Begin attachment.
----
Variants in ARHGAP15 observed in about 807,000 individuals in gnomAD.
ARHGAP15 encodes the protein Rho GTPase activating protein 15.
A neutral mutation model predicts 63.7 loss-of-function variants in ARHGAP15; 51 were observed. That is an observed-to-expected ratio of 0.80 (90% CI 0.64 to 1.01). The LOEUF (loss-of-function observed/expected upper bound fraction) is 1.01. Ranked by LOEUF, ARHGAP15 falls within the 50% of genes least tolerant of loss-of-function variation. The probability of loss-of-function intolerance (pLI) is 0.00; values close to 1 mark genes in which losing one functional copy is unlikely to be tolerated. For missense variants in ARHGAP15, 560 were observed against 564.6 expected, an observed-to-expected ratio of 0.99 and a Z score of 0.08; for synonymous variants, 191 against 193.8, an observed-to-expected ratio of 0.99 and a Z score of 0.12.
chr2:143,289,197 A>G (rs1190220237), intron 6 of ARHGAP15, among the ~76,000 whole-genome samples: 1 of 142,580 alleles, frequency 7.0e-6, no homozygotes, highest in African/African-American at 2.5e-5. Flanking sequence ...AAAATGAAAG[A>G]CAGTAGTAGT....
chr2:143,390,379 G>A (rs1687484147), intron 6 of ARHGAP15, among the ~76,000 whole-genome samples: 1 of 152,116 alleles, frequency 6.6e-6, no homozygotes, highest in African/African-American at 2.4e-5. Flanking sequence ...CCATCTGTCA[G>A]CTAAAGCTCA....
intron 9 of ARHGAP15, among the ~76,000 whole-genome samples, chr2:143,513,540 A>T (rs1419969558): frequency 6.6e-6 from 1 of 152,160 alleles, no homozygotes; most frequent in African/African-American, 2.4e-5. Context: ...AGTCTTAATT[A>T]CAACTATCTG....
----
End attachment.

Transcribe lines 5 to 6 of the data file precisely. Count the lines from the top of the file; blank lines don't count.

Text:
chr2:143,390,379 G>A (rs1687484147), intron 6 of ARHGAP15, among the ~76,000 whole-genome samples: 1 of 152,116 alleles, frequency 6.6e-6, no homozygotes, highest in African/African-American at 2.4e-5. Flanking sequence ...CCATCTGTCA[G>A]CTAAAGCTCA....
intron 9 of ARHGAP15, among the ~76,000 whole-genome samples, chr2:143,513,540 A>T (rs1419969558): frequency 6.6e-6 from 1 of 152,160 alleles, no homozygotes; most frequent in African/African-American, 2.4e-5. Context: ...AGTCTTAATT[A>T]CAACTATCTG....